• Sentence Suspended

    Upon further review, a former Mills County Treasurer’s Office employee who was convicted of stealing funds from the auto licensing department will not have to serve 25 years in prison.
    On Monday, Mills County District Court Judge Timothy O’Grady reconsidered the sentence he had handed down in January and suspended Tammy Gammon’s sentence to five years of supervised probation.

  • Making Progress

    Engineers overseeing the U.S. Highway 34 – Missouri River bridge projects in western Mills County say substantial progress was made over the summer and they’re optimistic construction work will stay on schedule.

    “I think things are moving along fairly well. Obviously, it’s helped that we haven’t had a lot of rain the last couple summers,” Jensen Construction project engineer Landon Streit said. “The river’s been pretty stable. The only time it really came up was after Memorial Day.”

  • New 911 Communications Center

    With construction work still taking place all around them, employees at the Mills County 911 Communications Center have settled in at their new office in the basement of the county courthouse.

    The enlarged, state-of-the-art communications center, has actually been up and running since late June and the facility is receiving rave reviews.

    “I may be a little biased, but as far as I’m concerned it’s the best in the state,” Mills County Communications Center Tom Ling said.  “It’s a show center.”

  • Courthouse Construction Controversy

    Good, bad or ugly, the sally port under construction on the southeast corner of the Mills County Courthouse has certainly caught the attention of Mills County residents and elected officials.

    “We’ve been hearing all the comments,” Mills County Auditor Carol Robertson said.

  • More Damage, More Costs For Library Restoration

    The news keeps getting worse for the Glenwood Public Library.

    Last month, workers carrying out brick restoration work at the library uncovered additional masonry damage that could add more than $60,000 of additional repair work. Workers uncovered the  damage as they removed bricks from the facade of the century-old building. City administrator Brian Kissel said the additional work brings the estimated cost of the entire project to around $160,000.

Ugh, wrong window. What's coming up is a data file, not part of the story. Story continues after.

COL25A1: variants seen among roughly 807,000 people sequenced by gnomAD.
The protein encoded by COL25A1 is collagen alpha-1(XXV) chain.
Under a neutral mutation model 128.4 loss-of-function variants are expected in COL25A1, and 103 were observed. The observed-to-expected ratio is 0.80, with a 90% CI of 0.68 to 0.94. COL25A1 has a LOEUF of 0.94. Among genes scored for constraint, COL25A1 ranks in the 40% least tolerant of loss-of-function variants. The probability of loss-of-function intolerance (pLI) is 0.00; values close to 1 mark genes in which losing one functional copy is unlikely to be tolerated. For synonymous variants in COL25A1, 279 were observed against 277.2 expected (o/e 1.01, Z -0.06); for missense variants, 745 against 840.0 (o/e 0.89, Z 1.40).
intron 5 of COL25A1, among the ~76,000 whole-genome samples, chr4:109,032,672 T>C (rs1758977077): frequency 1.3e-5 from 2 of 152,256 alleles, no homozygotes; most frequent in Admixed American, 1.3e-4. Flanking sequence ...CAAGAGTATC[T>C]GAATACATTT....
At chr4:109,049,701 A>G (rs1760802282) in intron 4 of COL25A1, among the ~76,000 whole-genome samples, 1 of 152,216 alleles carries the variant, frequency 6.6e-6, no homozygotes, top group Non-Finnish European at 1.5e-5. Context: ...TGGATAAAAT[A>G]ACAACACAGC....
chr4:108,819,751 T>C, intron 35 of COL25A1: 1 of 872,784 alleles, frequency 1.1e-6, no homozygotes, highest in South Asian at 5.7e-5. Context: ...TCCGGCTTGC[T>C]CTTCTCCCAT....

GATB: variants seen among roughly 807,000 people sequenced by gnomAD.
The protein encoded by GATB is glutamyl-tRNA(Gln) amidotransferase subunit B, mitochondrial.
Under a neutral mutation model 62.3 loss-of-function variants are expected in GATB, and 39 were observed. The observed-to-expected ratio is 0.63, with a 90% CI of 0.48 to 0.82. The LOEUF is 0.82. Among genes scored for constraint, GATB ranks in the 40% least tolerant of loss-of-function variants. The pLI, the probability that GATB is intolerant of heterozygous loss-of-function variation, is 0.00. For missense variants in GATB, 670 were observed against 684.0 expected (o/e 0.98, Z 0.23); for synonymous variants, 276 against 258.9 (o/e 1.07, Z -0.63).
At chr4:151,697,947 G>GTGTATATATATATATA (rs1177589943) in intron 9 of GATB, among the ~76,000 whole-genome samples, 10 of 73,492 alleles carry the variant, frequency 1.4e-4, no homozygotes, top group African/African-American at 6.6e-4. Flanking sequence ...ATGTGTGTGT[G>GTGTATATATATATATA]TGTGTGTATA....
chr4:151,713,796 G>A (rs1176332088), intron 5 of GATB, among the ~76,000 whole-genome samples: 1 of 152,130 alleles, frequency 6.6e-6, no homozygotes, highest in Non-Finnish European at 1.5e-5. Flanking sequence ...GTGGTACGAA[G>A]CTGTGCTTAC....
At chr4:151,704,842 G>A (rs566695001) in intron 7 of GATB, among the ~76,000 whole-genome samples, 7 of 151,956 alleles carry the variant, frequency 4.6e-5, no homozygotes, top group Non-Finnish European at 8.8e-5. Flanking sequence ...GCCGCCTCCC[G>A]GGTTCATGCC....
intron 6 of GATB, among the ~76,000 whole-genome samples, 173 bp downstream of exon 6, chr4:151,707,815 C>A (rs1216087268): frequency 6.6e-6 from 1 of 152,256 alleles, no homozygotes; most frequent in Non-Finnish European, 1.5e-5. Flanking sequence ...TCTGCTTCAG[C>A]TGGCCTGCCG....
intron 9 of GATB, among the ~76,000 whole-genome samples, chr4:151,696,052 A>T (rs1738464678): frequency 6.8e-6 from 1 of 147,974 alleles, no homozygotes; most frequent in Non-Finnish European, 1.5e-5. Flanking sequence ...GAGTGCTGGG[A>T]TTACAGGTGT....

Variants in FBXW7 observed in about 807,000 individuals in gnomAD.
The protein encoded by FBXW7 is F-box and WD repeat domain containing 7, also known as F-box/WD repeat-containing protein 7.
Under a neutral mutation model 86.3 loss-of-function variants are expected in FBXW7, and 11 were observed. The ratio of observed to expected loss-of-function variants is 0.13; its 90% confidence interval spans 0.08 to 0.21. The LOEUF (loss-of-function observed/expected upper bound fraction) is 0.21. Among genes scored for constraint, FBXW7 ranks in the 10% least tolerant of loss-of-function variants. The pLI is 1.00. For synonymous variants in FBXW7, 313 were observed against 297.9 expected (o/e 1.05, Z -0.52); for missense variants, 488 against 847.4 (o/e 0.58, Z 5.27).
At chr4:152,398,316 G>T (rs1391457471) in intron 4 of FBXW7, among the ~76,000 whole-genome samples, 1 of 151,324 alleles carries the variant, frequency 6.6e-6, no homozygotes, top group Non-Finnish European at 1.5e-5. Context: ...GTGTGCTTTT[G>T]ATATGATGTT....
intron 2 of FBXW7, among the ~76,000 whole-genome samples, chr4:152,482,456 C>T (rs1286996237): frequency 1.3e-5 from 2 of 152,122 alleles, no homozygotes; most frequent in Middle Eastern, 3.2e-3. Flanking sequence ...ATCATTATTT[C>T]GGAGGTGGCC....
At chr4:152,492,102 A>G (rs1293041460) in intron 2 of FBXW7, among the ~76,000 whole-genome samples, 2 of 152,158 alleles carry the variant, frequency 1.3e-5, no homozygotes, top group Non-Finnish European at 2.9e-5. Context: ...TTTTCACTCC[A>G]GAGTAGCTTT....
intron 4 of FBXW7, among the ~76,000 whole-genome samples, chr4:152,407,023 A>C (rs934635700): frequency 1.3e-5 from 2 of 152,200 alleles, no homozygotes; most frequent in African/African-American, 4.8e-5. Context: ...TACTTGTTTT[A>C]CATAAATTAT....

• Not Guilty Verdict

    A Mills County jury has acquitted a 23-year-old Glenwood man of pimping and pandering charges. Colton Radford was found not guilty of the Class D felony charges at the conclusion of his trial last week.

    Radford was charged with the crimes in March following an investigation by law enforcement officers of an alleged sex-for-cash incident they believed took place at a private residence near Pacific Junction in September 2012.

  • Burial Costs Going Up

    The cost of burying a loved one at the Glenwood Cemetery is going up Aug. 1.

    Following the recommendation of the Glenwood Cemetery Board,  the city council passed a resolution at its regular meeting last Tuesday, July 9, which establishes new rates for a variety of services at the cemetery, ranging from the opening and closing of graves to cremation and research of lots.

    Many of the fees are being increased by around 15-20 percent.

    The fee increase is the first in five years at the cemetery.

  • Amphitheater Work Underway

    Construction workers were literally hanging from the rafters of the Davies Amphitheater last week as extensive restoration work on the 33-year-old facility got underway.

    “Things are moving along down there pretty well,” Davies Amphitheater manager Gordon Woodrow said Monday. “I guess we’re talking another couple weeks for this first phase.”

  • Main Street Restoration

    MALVERN - In an effort to revitalize the business district in Malvern, the Malvern Area Betterment Association (MABA) has accepted ownership of two neglected buildings located at 401 and 403 Main Street.
    Both buildings have been vacant for many years and have fallen into disrepair. The previous owner of the buildings donated both structures, first erected in 1895 and 1910, to MABA earlier this spring. The 401 Main brick structure housed First National Bank in earlier years while the 403 Main building is commonly referred to as the “Wagon Wheel.”

  • City Awards Library Roof Bid

    The much-debated roof repair work at the Glenwood Public Library will be completed this summer.

    The Glenwood City Council accepted the bid of $97,866 from Omaha-based R.L. Craft Co. at its regular meeting last Tuesday, May 28.

    The project includes repairs and replacement of the library’s roof, relocation of three air conditioners from the roof of the library to the ground level and brick restoration work on the outside of the building.